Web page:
Skip navigation
12/04/2021 Invasive species

How to control a parasite

The invasive parasitic fly Philornis downsi is a serious threat to the survival of at least six species of Galapagos land bird, including the Critically Endangered mangrove finch.

Photograph of Charlotte Causton

Charlotte Causton

Charlotte Causton is a senior research scientist at the Charles Darwin Foundation with extensive experience in developing methods for controlling invasive insects in Galapagos. She is currently coordinating an international effort to develop methods to control the invasive avian parasitic fly, Philornis downsi, which is threatening many endemic bird species in the Archipelago.

As we made preparations for fieldwork in 2020, the weather was our biggest concern. Little did we know that there would be a global pandemic that would shut down research for three-and-a-half months in the middle of the bird-breeding season, a crucial window for testing methods to control the invasive parasitic fly Philornis downsi, enemy number one of the smaller Galapagos landbirds. These invasive flies, introduced from mainland Ecuador by accident, are experts at locating bird nests, where they lay their own eggs. Once the maggots hatch, they feed off the blood of young chicks, sometimes killing an entire brood. To date, P. downsi is known to attack 21 different landbirds, more than half of which are species of Galapagos finch, and is a serious threat to the survival of at least six species including the Critically Endangered mangrove finch. The parasitic fly also threatens some populations of the little vermilion flycatcher, the most colourful landbird in Galapagos.

In a race against time, the Charles Darwin Foundation (CDF) and the Galapagos National Park (GNP) are coordinating a multi-institutional and multi-country project to research the biology and ecology of this little-known fly, with a view to developing effective, environmentally friendly means of control. One promising approach is biological control, which involves introducing one of the fly’s natural enemies from its native range to the Archipelago. Exploratory surveys on mainland Ecuador, led by the University of Minnesota and CDF, have identified a small wasp, Conura annulifera, that is itself a parasite of P. downsi. After five years of careful work, results indicate that this wasp is a Philornis specialist. We now have the go-ahead to bring a small number of wasps into a quarantine facility in Galapagos in order to assess whether it is safe to introduce the wasp to the Islands.

The micro wasp, Conura annulifera, parasitises pupae of Philornis species on mainland Ecuador and is a potential candidate for use in a biological control program against P. downsi. © Dave Hansen, UMN

In the meantime, we need to deploy other tools to protect the nests of those species at the greatest risk of extinction. Before COVID-19 brought put an end to our fieldwork this year, we were fortunate to have completed some trials injecting a small amount of an insecticide into the base of the nests where the bloodfeeding larvae reside when they are not feeding on the chicks. This work, carried out by CDF, GNP and the University of Vienna, has significantly increased the survival of chicks from four threatened bird species, including the mangrove finch and the little vermilion flycatcher.

Philornis downsi © Jen Jones
Philornis downsi larvae feed on the blood of bird hatchlings, often causing all of the chicks in a nest to die. © Jen Jones

In collaboration with scientists from SUNY-ESF and Syracuse University, we are also investigating whether we can use fly pheromones and bird odours to lure adult Philornis flies down from the canopy and into traps. All our efforts to control this deadly parasite require a mix of ingenuity and perseverance. We are fortunate to be working with a large group of dedicated scientists who are not deterred by setbacks like that posed by COVID-19 and who will continue the work to ensure the conservation of the unique landbirds of Galapagos.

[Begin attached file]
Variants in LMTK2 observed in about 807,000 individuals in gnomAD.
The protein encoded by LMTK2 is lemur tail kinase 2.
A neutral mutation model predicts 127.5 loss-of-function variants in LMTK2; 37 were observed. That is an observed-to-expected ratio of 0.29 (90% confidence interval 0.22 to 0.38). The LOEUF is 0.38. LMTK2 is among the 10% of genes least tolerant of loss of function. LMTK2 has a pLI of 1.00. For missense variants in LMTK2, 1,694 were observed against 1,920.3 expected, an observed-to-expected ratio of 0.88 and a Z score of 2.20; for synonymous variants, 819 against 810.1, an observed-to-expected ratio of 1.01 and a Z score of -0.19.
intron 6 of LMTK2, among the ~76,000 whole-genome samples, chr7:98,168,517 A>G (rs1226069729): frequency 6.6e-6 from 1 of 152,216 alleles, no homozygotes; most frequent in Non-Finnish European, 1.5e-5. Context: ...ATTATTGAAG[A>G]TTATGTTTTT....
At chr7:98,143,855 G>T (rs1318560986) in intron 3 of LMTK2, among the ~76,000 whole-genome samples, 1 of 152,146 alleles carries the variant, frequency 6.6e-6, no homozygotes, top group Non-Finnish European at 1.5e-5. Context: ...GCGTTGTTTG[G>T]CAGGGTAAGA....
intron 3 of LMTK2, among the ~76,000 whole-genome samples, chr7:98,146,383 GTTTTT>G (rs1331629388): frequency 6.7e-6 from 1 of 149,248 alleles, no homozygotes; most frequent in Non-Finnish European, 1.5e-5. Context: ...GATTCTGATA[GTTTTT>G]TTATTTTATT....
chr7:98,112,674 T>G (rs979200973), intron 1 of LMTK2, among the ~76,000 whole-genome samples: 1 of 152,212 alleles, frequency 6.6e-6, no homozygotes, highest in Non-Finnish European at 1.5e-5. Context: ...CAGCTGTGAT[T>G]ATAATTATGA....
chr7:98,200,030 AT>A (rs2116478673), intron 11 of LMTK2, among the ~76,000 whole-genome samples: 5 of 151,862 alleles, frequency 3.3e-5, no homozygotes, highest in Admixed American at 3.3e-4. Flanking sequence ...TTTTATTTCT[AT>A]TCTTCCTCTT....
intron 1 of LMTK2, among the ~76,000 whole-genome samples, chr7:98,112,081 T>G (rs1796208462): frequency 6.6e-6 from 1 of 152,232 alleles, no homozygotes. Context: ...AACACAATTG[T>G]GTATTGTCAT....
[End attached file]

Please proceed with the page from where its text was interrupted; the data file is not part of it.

This article was originally published in the Autumn-Winter 2020 issue of Galapagos Matters. It has been edited slightly for this blog.

How to help

Why not become a member today for as little as £3 a month, and help to preserve these Islands for years to come? Or head over to our shop to purchase a Galapagos gift such as our animal adoptions.

Related articles

Little vermilion flycatcher
22nd Apr 2024
Biodiversity loss Invasive species

What is being done to save the little vermilion flycatcher?

With its striking red plumage and distinctive call, the little vermilion flycatcher is instantly recognisable. Sadly, this colourful species is under threat, just like many of the Islands’ land birds.
Read more
Philornis © Jen Jones
26th Mar 2024
Invasive species Rewilding

How do we solve the problem of invasive species in Galapagos?

Invasive species are one of the biggest threats facing the Galapagos Islands. But just how big of a problem do they pose and what can we do to protect the native species of Galapagos?
Read more
Claudio Cruz standing next to his cow shed on Floreana
20th Sep 2022
Invasive species Island restoration

Restoring Floreana: A local perspective

Our Senior Philanthropy Manager, Kelly Hague, saw first-hand the fantastic impact that the Restoring Floreana project is going to have for the people and wildlife that call the island their home.
Read more
Lepidoptera larva from the Monarch butterfly in Galapagos
31st Aug 2022
Invasive species Island restoration

Restoring Floreana: Pre-eradication invertebrate surveys

In order to measure the impacts of eradication on the biodiversity of Floreana, we first need baseline data that represents the pre-eradication conditions.
Read more

Get the latest news from Galapagos

Join our mailing list to receive our monthly email newsletter, bringing you the latest news on Galapagos and our work to protect the Islands.

Share This Page